Vacation Photos

Cottage Sunset   I’m really bothered by a series of photos I saw recently show up in my Facebook and Twitter streams. The content wasn’t objectionable or offensive. I saw pictures of cottages, canoes, and lovely lake-side views of Ontario’s cottage country. What bothered me was that the senders of the photos were sending them during their vacation. I felt bad for them: how could they possibly be relaxing during their time off, if they weren’t offline? The photos were nice, but they didn’t add any must-have information to my day. A pretty picture of a sunset is still a pretty picture of a sunset, whether I see it in real-time, or a few days later. Why weren’t they waiting to share these pictures?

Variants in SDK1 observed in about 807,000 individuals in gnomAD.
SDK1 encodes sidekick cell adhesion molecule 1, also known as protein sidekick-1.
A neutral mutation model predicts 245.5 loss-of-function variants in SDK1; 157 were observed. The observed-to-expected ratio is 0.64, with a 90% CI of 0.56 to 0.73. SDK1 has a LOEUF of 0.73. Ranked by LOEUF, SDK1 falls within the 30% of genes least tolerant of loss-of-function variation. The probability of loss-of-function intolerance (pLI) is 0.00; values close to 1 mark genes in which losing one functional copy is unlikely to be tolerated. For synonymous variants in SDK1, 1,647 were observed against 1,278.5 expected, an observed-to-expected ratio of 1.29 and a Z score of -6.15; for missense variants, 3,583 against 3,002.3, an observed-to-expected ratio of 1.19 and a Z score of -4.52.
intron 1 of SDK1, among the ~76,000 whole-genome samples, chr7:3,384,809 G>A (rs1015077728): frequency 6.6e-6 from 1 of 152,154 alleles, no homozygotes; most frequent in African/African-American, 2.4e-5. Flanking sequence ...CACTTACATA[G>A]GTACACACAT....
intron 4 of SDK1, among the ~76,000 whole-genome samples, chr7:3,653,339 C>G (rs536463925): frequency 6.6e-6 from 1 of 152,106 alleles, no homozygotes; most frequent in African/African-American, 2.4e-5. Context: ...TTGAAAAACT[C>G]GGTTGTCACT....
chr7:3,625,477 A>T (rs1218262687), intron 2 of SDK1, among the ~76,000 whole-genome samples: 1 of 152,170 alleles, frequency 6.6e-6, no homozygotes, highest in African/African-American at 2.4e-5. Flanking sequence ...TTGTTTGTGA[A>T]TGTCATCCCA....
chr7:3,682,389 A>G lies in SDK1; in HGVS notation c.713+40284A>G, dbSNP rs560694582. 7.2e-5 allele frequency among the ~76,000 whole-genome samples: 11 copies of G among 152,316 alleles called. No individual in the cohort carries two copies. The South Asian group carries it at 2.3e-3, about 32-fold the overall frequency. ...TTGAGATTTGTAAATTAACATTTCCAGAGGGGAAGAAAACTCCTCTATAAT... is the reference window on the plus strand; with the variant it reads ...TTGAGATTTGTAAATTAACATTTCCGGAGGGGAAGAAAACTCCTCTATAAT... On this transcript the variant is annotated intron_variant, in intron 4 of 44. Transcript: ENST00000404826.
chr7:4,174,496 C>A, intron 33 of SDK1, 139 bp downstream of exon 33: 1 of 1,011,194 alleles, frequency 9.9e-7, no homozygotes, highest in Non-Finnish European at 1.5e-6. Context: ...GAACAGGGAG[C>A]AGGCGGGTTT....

Remember that old stand-by homework assignment from the first day of school? The teacher would ask students to write about “what they did on their summer vacation.” I can only remember doing this assignment a couple of times (perhaps it is more cliche than reality), and each time I can remember racking my brain trying to remember something meaningful to share. It’s not that I didn’t have a memorable childhood – I just found it hard to remember in September what I did in July.
If I were to do the assignment today, in our socially connected world, that wouldn’t be an issue. I could simply review a summer’s worth of status updates from Facebook and Twitter and write up a recap. But perhaps we could use a lesson from our school days. I’m not saying we need to wait until September to share our stories, but what’s wrong with waiting a couple of days to get home from your holidays before posting photos?

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